10. No trailer, basement, tent, shack, garage, barn or other
building or outbuilding erected on any lot shall at any time
be used for residential purposes, either temporarily or
permanently. No structure of whatever character, including
the structures built for residential purposes, shall ever be
occupied or used for such residential purposes until the same
is complete outside. No second-hand houses shall be moved on
13. No building or structure shall be located closer than
Fifty feet (50′) to the front line of each residential
lot or nearer to the side street lines than Twenty-Five feet
(25′). Eaves, steps and open porches shall not be
considered as part of a building, but this definition shall
not permit any portion of a building, including the
aforesaid, to encroach upon an adjoining lot, except when two
or more adjacent lots are used as one building plot.
19. The exterior of all residential structures shall be of at
least 2/3 masonry construction and shall be completely and
permanently finished, and if any part of such exterior is of
wood or of material requiring painting, then same shall be
finished. . . .
Tower Oaks Civic Club generally oversees the enforcement of
these Covenants, including by forming an Architectural
Committee to approve construction as required by the
Covenants. However, the Tower Oaks Civic Club does not impose
mandatory membership fees on residents of the community, and
thus it has limited resources with which to enforce the
Covenants. Accordingly, a group of residents, currently
including four married couples who reside in the
neighborhood, decided to form TOCO for the purpose of
enforcing the Covenants.
August 29, 2014, the Hams purchased the property located at
11510 Mile Drive in Houston, Texas ("the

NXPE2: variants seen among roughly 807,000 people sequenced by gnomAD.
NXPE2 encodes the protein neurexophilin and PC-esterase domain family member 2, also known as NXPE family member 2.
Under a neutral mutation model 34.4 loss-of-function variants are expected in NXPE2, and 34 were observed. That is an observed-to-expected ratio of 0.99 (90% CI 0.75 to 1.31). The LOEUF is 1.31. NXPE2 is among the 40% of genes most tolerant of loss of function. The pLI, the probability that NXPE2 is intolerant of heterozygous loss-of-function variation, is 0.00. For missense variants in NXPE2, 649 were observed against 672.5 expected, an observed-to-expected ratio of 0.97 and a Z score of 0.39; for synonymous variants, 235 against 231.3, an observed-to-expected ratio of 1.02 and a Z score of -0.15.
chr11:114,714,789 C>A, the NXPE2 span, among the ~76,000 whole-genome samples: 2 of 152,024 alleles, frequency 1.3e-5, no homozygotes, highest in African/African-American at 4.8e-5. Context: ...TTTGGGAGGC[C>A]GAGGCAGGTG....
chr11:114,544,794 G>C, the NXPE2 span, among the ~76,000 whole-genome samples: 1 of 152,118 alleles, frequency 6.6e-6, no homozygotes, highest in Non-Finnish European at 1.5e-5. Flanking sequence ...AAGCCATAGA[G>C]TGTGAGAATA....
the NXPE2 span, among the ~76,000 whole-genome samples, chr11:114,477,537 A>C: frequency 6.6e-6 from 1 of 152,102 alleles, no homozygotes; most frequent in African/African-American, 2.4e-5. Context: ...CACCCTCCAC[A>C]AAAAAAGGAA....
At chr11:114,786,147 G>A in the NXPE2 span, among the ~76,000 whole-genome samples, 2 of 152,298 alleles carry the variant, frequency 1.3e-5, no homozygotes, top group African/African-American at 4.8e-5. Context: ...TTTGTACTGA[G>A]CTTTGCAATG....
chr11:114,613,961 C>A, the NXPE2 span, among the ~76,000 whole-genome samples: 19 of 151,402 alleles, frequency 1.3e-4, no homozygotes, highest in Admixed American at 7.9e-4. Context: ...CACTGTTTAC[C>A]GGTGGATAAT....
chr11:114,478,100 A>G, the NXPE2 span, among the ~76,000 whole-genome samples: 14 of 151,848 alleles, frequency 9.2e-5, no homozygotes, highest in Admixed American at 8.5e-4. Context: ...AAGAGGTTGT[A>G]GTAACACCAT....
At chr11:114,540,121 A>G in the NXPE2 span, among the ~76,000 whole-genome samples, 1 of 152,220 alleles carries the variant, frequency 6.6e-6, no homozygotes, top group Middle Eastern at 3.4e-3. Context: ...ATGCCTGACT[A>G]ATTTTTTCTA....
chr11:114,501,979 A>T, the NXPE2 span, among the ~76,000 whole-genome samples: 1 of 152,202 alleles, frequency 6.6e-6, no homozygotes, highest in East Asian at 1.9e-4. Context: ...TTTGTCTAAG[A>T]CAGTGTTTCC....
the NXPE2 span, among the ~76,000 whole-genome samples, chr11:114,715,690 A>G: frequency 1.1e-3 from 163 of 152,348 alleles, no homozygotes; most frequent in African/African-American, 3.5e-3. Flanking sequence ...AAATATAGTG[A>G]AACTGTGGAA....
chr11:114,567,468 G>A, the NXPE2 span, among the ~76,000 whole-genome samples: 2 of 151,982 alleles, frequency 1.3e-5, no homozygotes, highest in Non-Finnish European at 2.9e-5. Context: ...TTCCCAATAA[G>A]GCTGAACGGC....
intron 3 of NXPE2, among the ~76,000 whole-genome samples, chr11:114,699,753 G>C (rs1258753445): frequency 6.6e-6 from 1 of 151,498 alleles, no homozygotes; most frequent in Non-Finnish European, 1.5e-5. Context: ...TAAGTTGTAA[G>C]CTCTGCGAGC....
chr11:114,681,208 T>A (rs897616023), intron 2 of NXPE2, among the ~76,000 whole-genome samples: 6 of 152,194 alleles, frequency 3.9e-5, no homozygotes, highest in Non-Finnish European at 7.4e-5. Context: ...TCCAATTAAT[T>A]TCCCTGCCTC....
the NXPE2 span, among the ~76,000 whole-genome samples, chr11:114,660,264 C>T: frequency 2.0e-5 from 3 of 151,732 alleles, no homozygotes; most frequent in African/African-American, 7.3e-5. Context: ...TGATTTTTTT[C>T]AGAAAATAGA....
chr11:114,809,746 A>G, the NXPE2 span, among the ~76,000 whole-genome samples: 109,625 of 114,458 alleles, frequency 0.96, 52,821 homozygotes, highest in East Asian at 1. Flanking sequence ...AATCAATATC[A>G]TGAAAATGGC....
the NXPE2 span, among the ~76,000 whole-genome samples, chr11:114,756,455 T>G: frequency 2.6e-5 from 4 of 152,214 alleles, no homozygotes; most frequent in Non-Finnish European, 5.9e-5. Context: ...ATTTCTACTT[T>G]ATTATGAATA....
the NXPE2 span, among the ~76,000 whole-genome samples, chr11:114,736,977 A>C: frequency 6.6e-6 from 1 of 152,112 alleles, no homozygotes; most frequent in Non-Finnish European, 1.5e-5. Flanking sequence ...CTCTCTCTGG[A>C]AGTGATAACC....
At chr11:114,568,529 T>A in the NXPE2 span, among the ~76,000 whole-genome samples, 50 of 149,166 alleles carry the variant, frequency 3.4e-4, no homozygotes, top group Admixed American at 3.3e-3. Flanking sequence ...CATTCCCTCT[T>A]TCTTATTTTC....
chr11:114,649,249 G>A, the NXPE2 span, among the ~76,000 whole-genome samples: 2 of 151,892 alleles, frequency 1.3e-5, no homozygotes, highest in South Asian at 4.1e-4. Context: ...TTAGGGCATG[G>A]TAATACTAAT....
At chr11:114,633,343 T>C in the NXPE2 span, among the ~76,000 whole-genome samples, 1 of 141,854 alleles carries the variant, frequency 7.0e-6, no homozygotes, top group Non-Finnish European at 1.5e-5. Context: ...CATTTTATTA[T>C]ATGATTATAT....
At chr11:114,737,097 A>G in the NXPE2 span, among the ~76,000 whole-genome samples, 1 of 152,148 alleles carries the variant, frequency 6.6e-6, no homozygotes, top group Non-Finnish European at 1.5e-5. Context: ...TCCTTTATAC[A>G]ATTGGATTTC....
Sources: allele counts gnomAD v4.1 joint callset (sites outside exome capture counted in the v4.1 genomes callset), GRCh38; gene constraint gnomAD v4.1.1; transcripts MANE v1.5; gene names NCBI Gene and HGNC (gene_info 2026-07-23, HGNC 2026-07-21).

Property"). The Property was comprised of two lots-Lots
5 and 6. The purchase price was for the combined lots, and
the entire Property was conveyed in a single transaction.
early 2015, the Hams contacted the Tower Oaks Civic
Club's Architectural Committee to request permission to
build an auxiliary building ("the Building") on Lot
6 of their Property. Their request was considered by the
Architectural Committee, which requested that the Hams
construct the Building toward the back of the Property and
that they construct a privacy fence between the Building and
the street. The Hams agreed to these conditions; and the
Architectural Committee, and ultimately the Tower Oaks Civic
Club Board, approved the Hams' request to construct the
Architectural Committee informed the Hams by phone of the
approval to build in early April 2015, and on April 18, 2015,
the Hams entered into a contract with Hawthorne Steel
Buildings to construct the Building, paying it one-third of
the contract price of $49, 747.19 as a deposit. On April 28,
2015, the Hams obtained written approval from the
Architectural Committee to build and the construction process
began shortly after.
22, 2015, Nancy McCreary, a member of TOCO-an organization
the Hams had never heard of or had any dealings with-inquired
into the activity on the Hams' property by contacting the
Tower Oaks Civic Club's president, Dwayne Harthorn.
Harthorn provided the requested information to McCreary and
notified a member of the Architectural Committee of ...